Structured literacy (Orton-Gillingham) is the gold standard in teaching students to read, spell and write. It is not only the most effective method for students who are struggling with reading words and spelling them, but it is also the most effective method for teaching the foundations of literacy to all students. In fact, students with dyslexia may not become proficient readers and writers unless they are taught using a structured literacy approach. A structured literacy approach requires three elements:

  • A structured literacy curriculum

    – A structured literacy curriculum thoroughly covers the concepts related to decoding and spelling words with the goal that the student will read and spell even the most complex words automatically and without excessive struggle. In addition, the word study includes vocabulary and usage. Reading, spelling, and writing are practiced in increasingly challenging text reading and writing assignments. (See this IDA structured literacy infographic.)

  • A qualified structured literacy teacher

    – To be an effective instructor for the dyslexic learner, a teacher/therapist needs special training. The IDA accredits professional development programs that meet IDA Knowledge & Practice Standards. Professional development programs that have earned IDA’s Accreditation-PLUS prepare professionals to work one-on-one with students who have complex language processing difficulties.

  • Adequate structured, daily practice

    – A system of structured, daily practice, available online, is critical to the student’s success and advancement. It allows the student to make measurable progress, offers immediate error correction, and provides the parent and teacher with data about the student’s mastery of specific skills.

2. Access to accommodations and technologies

The dyslexic child may need a variety of accommodations, such as extended time to complete assignments and tests. Parents should consider their child’s unique needs in exploring this subject with potential online schools. For example, a child who has reading and spelling challenges can benefit from the support of audio services that provide reading assignments and tests in audio mode for “ear reading.” For writing assignments, a dyslexic student may benefit from technologies such as speech-to-text and spell- and grammar-checkers that work on the level of the sentence (to flag misspellings such as “there” versus “their”). School-wide use of organizational software, such as planning organizers and a calendar system for assignments can be valuable.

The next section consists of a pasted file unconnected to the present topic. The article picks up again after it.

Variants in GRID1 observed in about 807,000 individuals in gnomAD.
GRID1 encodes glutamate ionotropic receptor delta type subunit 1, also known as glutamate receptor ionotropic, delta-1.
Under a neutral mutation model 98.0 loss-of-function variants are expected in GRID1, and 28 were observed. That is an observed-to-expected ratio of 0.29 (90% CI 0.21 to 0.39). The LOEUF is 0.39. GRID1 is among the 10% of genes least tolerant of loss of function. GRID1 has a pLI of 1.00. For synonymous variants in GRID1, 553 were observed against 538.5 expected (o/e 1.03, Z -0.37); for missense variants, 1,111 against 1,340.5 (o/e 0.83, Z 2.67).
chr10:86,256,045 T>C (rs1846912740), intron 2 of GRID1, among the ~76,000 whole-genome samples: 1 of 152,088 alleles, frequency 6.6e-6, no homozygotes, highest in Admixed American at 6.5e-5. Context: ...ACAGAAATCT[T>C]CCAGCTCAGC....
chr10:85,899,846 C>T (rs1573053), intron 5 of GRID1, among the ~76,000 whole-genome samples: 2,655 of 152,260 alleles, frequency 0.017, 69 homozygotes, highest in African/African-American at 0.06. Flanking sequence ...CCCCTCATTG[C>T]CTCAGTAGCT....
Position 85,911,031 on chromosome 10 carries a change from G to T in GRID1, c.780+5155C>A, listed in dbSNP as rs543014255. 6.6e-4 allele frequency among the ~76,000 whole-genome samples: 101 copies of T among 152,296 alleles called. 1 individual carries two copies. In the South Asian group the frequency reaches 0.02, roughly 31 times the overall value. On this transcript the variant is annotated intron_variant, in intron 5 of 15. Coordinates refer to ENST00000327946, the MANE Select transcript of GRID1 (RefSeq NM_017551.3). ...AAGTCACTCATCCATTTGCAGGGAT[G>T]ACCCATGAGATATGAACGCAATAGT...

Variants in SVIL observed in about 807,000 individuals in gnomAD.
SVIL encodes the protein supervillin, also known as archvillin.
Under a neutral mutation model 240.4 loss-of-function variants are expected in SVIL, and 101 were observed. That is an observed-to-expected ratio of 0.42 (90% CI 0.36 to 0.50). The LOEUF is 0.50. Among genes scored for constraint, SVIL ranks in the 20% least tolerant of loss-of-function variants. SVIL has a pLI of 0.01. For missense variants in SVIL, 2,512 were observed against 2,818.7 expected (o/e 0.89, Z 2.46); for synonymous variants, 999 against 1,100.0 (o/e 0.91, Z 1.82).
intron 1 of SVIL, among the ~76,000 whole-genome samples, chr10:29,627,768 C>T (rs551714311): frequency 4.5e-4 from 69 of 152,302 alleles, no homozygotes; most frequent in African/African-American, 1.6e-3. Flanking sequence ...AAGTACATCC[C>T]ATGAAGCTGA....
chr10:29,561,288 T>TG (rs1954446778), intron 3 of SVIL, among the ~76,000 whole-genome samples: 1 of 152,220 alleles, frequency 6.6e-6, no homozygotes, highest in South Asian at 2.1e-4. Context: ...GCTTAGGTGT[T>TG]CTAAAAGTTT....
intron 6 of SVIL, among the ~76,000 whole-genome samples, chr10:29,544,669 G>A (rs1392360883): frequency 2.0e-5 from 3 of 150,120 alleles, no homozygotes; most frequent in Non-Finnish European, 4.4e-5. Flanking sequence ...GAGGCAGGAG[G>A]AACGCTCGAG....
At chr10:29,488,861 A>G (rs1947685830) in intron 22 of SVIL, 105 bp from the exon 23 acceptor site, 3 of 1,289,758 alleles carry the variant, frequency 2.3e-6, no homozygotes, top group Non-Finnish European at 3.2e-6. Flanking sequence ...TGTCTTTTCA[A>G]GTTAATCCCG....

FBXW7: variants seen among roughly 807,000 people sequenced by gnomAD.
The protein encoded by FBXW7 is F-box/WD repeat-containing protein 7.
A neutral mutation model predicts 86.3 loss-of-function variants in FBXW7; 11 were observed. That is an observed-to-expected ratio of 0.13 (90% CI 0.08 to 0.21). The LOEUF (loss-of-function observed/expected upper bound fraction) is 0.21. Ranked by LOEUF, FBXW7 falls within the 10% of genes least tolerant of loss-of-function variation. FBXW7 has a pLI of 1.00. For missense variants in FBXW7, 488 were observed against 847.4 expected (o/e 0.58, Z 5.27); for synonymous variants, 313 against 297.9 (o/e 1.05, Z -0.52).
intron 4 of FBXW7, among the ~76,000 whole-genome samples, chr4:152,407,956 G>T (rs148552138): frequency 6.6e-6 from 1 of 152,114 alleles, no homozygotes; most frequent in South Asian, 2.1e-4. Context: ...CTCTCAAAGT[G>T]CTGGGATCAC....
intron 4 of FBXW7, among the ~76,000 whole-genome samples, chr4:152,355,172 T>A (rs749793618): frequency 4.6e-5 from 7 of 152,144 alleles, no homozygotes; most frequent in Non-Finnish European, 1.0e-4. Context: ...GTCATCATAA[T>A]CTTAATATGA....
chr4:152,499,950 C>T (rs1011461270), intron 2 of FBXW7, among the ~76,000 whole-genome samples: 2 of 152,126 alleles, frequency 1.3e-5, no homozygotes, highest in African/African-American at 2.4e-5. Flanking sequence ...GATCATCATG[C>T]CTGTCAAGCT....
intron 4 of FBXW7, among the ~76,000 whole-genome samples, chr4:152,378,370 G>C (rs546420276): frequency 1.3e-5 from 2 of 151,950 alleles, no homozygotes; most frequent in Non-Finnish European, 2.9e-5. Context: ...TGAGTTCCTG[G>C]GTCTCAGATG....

3. Content subjects 

For content subjects such as mathematics, science, history, literature, and art, ask to see the curricula and review the content. Each curriculum should specify what the student will know and be able to do after completing each unit and at the end of the course. Skills and strategies should be related to mastering specific content as opposed to vague objectives, disconnected from content. (For example:  “The student will summarize the causes of the American Civil War” as opposed to “The student will summarize passages.”)

Ask about how students are placed in the curricula. Is there flexibility for placement at a different level if a child has already mastered the material at a particular grade level or if they need to step back a level in one subject? Or will they be placed at a certain grade level regardless of what they have or haven’t already mastered. 

4. School culture

“School culture” may be a little more abstract than the measurable program elements above, but it may be vitally important for a child’s success. The Harvard Graduate School of Education article “What Makes a Good School Culture?” explains the concept. Parents seeking a supportive environment for their child’s learning should explore the school’s stated policies and goals as well as the school’s reputation and achievements. Does the school really do what it says it will do? Do the school’s values align with family’s values and priorities? How do the school’s virtual classes provide children with the opportunity to discuss their questions and opinions about topics in various subject areas? Does the school teach students a process for investigating questions, engaging in discussion, and encouraging them to respect diverse thoughts and opinions?

5. A learning coach